KHRUSHCHEV: Two questions, Mrs. Roosevelt, two questions. The first one about two philosophies which may live in peace. No doubt about it, Mrs. Roosevelt, we must live in peace, we must live, we must. (Dr. David Gurewitsch breaking in: Not only we must live in peace, but we want to live in peace and we strive to live in peace in the U.S.)
ROOSEVELT: I agree.
KHRUSHCHEV: We also want to have, you see, something common in our economic activity, in our cultural life.
ROOSEVELT: Must your philosophy alone spread in the whole world because that seems to be the motto, at the top of your newspaper, Pravda, for instance?
KHRUSHCHEV: Yes. We have a motto: "Proletarians of all the world unite." That was not my idea. We differ about our foreign systems. I have never hidden myself from such questions.
This is my statement which, I am sure, I told your Columbia Broadcasting System: Communism will win in the whole world. This is scientifically based on the writings of Karl Marx, Engels, and Lenin. Your people in the U.S. are cultured people, so you know that all kinds of changes take place in economics and how the relations between nations change—feudalism, capitalism, then socialism. And the highest state will be communism. It is well known this is the meaning of history.
When a state changes its order, this is the business of the people themselves. We are against any military attempt to introduce communism or socialism into any country, as well as we are against your interference to reestablish capitalism in our country through military intervention. That is why we stand firmly for coexistence and collaboration.
ROOSEVELT: I would agree that changes come about in the world. I would agree that no military action should bring about these changes. I would also say that it is essential that there be no interference by our country in countries that are Communist, except through peaceful interchange and observation.
But this should hold good, too, for socialist countries. If there is a drive to put over Communist ideas, it makes it very difficult to live in a peaceful atmosphere.
KHRUSHCHEV: If we speak about interference, Mrs. Roosevelt, you know what your State Department does in this sphere. Let Mr. Dulles inform what Mr. Henderson had in view when he visited Turkey and the rest of the countries of the Far East. Mr. Henderson had a rather dirty mission.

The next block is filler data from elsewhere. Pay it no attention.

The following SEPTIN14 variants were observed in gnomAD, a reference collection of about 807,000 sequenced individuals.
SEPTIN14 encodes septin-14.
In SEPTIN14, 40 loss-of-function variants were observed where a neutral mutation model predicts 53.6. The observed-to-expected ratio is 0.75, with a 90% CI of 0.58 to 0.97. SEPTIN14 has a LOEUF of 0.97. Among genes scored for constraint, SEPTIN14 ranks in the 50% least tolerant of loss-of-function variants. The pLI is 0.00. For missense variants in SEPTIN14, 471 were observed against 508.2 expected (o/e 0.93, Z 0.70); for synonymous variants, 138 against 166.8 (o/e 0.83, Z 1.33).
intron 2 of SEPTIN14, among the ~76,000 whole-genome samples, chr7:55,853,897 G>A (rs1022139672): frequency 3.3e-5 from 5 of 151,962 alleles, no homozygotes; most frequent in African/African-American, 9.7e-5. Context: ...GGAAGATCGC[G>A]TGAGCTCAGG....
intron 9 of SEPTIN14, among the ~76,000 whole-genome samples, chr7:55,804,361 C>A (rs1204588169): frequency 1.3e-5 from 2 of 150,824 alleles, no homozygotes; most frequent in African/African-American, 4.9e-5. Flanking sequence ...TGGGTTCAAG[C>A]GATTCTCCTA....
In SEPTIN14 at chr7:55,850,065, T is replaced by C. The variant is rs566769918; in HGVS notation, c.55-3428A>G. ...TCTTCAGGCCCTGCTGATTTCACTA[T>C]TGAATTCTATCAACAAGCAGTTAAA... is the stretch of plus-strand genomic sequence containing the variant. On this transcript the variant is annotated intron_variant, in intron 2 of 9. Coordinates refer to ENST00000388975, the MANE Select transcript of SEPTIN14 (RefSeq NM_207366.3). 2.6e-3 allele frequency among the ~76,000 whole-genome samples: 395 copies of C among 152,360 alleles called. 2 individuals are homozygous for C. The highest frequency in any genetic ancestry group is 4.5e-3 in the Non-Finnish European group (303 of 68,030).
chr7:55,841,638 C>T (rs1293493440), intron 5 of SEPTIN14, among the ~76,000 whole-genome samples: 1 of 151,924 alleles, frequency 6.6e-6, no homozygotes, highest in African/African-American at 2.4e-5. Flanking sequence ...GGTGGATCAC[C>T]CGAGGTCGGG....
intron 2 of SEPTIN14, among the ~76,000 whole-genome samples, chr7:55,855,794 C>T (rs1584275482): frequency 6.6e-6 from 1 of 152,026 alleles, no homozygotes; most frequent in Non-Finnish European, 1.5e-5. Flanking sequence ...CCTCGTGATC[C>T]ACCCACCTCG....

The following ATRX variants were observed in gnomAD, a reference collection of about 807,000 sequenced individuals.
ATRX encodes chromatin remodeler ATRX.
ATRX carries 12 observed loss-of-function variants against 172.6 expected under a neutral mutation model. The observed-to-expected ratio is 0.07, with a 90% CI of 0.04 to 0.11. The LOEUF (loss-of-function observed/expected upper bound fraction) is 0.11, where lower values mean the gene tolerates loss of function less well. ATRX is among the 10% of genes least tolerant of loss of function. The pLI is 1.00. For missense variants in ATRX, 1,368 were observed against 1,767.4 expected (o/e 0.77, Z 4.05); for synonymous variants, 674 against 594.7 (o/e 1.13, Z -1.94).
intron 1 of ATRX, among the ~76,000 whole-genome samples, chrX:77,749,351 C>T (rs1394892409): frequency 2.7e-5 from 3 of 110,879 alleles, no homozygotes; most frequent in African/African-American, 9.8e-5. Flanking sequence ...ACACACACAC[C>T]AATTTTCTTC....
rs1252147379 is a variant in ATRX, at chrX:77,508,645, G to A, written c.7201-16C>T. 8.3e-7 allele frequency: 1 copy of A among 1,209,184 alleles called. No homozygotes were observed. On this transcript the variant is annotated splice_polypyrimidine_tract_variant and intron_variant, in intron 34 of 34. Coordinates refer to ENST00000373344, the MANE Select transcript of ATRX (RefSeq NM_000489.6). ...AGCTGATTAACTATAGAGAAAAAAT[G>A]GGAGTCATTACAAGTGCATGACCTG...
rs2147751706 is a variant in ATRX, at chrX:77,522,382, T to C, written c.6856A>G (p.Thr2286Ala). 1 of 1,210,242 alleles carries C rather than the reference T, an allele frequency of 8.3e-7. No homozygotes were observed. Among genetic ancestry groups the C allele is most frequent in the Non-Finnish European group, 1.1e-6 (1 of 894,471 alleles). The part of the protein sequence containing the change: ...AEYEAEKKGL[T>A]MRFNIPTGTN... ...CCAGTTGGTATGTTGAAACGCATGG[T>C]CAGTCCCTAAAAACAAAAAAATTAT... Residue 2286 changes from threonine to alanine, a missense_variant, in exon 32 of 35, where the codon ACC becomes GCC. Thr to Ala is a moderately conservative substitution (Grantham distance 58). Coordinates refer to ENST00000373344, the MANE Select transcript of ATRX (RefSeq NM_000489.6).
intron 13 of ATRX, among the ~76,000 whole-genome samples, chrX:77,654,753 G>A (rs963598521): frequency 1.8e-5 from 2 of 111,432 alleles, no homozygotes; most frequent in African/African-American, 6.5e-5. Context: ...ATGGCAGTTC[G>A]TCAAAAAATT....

ROOSEVELT: I think the whole Near Eastern situation has been a very bad situation, but we feel that the Soviet Union started it when they first let Czechoslovakian arms go to Cairo. We know today that it was Soviet or satellite arms that were used by the Egyptians.
You must know that for a long time the Egyptians had been telling Israel they were going to drive them into the sea. Israel was created as a state by the United Nations. It is a state which could help, because it has advanced technicians, to improve the living conditions of the whole Near Eastern area if once all those nations would sit down together for peaceful discussion.
But now you are building up Syrian arms to preserve what you call Syria's neutrality.
The other day I read in the newspaper here that 117 million dollars had been given by us to Israel and that we had told Israel to move into the demilitarized zone between Syria and Israel. Now, we may have given the money, but we never told them to move into the demilitarized zone. Of that, I am sure.
I believe this situation could have been vastly improved long ago by both the Soviets and ourselves. Because of the flow of Soviet arms to Egypt and Syria, we now feel that when the other Arab states ask for arms, we must help them.
My feeling is that if neither of us gave any arms but helped to improve the living conditions of the people, we would be doing something useful. Today there is nothing but a race to see which one of us can build up this balance of military power.
(Copyright, 1957, by United Feature Syndicate, Inc.)
Names and Terms Mentioned or Referenced
- [ index ] Cincinnati (Ohio, United States)
About this document
My Day by Eleanor Roosevelt, October 4, 1957